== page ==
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Astro News Archives - December 2007 PDF Print E-mail
Friday, 04 January 2008 21:44

{tab=Attack on Mars?}

Attack on Mars?

     An asteroid with diameter of 50 meters is approaching towards Mars. Its close encounter with Mars will take place on January 30, 2008. It is expected to fly by Mars at a distance of 50,000 kilometers. Despite this, odds of the asteroid directly hitting Mars are as high as 1 in 75. It indicates that still there is 1.3% chance of collision. The asteroid was discovered on November 20, 2007 by Catalina Sky Survey through its telescope in Arizona, under NASA's Near Earth Object Observation Program. It is designated as 2007 WD5. When at perihelion, the asteroid  is at a distance of 1 A.U. from Sun i.e. it comes close to the orbit of Earth. At aphelion, the asteroid is 4 A.U. away from Sun, i.e. its orbit extends much beyond the orbit of Mars. The asteroid has a period of 4.1 years. It is cruising towards Mars at a speed of 45,000 kilometers per hour. It is similar in size to that which had created Barringer Crater in Arizona (U.S.). Steve Chesley, a scientist at Jet Propulsion Laboratory of NASA, says - 'If it hits Mars, it will do so at a speed of about 13.5 kilometers/second.....then there will be a tremendous explosion.....It will create a crater more than half-a-mile wide.'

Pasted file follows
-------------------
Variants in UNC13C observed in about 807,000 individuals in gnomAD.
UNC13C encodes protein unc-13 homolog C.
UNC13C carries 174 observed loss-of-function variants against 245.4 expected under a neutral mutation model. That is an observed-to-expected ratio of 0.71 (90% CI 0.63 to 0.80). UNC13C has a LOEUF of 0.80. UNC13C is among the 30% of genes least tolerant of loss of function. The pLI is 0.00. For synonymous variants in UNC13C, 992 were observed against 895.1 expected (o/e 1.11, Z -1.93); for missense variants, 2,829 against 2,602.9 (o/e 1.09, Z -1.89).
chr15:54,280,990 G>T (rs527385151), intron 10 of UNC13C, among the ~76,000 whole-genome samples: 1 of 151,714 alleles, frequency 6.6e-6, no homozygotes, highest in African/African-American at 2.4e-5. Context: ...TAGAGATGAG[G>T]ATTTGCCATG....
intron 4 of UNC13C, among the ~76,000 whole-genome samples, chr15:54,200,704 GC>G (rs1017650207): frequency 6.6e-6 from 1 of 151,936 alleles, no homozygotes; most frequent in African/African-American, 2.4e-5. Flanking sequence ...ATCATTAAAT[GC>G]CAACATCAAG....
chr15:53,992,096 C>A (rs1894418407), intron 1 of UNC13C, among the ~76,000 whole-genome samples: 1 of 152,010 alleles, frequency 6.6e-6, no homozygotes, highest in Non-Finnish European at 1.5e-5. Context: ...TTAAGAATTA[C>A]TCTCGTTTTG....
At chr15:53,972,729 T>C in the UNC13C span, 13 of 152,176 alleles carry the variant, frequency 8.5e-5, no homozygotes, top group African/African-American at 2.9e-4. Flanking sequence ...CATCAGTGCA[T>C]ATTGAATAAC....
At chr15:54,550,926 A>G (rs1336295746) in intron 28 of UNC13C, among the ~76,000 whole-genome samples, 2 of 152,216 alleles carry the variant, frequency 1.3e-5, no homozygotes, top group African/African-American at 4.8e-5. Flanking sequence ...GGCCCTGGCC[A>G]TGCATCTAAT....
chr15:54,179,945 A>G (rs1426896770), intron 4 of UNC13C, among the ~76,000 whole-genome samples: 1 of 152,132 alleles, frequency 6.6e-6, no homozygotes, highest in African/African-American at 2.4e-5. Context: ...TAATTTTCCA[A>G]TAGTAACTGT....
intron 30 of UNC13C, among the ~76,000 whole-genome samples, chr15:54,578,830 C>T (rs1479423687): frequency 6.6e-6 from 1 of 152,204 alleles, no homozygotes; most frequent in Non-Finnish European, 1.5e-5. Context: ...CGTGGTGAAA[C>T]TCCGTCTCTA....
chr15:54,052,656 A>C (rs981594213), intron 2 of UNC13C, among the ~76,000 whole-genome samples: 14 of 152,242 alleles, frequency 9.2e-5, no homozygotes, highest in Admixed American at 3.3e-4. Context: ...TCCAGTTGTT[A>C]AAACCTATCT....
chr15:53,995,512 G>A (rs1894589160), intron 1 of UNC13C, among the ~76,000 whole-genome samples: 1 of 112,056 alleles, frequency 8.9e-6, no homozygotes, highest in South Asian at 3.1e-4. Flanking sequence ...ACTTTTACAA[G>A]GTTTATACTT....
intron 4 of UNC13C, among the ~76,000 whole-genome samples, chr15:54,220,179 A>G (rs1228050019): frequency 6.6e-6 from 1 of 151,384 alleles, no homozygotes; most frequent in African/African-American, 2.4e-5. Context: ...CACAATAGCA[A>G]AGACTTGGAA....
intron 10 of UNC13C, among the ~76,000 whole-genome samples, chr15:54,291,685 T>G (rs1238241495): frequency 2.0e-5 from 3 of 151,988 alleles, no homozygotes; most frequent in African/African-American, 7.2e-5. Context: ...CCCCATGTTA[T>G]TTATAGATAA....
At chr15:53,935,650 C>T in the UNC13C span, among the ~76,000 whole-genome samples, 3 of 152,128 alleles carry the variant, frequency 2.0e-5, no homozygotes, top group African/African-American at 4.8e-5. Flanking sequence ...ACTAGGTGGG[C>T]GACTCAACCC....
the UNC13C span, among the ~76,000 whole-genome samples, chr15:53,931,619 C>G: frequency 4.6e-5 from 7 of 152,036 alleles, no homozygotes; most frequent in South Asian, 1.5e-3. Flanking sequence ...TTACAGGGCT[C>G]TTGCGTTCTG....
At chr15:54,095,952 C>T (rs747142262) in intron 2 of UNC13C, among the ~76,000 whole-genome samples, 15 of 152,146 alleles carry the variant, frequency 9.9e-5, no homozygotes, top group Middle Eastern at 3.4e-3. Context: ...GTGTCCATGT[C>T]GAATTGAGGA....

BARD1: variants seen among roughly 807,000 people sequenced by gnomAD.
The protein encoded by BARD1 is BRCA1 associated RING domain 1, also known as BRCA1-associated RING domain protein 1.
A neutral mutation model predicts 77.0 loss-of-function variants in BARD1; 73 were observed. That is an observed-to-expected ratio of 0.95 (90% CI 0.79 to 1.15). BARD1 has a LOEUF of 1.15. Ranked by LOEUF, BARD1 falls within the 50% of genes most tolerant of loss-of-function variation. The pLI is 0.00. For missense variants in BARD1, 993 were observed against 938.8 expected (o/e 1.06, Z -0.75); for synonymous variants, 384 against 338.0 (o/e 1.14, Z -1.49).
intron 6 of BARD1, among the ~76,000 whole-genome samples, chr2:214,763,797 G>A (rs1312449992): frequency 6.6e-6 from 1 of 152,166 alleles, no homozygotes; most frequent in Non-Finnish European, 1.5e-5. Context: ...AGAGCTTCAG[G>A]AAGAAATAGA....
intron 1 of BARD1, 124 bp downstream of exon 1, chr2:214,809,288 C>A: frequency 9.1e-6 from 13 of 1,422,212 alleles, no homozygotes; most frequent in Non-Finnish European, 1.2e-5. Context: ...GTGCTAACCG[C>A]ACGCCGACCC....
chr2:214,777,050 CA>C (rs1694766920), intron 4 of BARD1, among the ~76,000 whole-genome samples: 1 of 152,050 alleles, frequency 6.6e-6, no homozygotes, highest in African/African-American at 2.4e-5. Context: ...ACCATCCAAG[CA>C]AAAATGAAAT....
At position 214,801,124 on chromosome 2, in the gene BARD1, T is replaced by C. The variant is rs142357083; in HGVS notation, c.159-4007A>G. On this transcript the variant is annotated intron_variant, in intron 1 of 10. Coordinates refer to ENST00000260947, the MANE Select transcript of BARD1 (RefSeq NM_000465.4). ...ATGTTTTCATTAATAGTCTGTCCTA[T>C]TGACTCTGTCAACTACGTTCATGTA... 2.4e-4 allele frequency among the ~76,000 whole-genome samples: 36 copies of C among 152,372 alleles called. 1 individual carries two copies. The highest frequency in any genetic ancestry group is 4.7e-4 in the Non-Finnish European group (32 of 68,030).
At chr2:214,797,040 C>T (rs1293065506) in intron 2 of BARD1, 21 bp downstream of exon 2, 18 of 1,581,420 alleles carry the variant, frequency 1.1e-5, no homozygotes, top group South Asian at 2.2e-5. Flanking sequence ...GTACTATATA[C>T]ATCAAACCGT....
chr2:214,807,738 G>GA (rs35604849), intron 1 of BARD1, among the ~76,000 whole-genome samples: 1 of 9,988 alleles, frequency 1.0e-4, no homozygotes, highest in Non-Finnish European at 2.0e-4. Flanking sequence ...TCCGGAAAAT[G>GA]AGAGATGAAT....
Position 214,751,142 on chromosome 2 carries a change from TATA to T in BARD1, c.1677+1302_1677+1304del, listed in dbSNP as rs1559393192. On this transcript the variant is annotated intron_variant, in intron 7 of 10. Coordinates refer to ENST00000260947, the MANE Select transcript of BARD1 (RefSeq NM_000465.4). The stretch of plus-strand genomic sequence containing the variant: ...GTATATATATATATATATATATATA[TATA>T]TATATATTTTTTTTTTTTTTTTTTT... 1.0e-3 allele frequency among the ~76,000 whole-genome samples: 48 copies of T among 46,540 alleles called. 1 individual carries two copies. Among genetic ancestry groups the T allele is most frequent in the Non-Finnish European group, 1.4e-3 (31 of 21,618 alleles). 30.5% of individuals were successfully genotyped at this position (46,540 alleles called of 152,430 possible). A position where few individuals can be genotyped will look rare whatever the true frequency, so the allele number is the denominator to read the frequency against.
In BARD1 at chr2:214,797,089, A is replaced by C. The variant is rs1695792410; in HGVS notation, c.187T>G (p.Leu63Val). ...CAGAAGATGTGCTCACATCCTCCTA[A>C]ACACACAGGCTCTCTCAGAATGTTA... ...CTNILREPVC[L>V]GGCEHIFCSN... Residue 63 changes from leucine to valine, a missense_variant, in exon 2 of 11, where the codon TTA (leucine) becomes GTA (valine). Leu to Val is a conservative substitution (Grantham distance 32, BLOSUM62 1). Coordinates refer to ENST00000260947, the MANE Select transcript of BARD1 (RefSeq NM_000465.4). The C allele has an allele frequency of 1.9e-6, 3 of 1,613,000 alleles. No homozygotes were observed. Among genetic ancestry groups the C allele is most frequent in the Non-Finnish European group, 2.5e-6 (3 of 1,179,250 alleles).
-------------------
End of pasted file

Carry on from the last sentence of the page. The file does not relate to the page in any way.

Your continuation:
Image
Oblique view of the respective orbits
(Drawing - not to the scale)

     The event and its aftermath especially with respect to dust loading and other atmospheric effects will be watched by spacecrafts like European Space Agency's Mars Express and NASA's Mars Reconnaissance Orbiter which are already settled in Martian orbits. Mars being close to Earth at present, it may be possible to record the event even with earth-based telescopes. Such events occur on Mars every thousand years or so. But whether this particular asteroid will really hit Mars or not will be clear only after the observations to be carried out in the coming weeks are over.

N.B.: Although orbit of 2007 WD5 crosses Earth's orbit also, calculations show that chances of its encounter with Earth in near future are negligible.

(See the follow-up in the month of January 2008: Mars is out of Danger)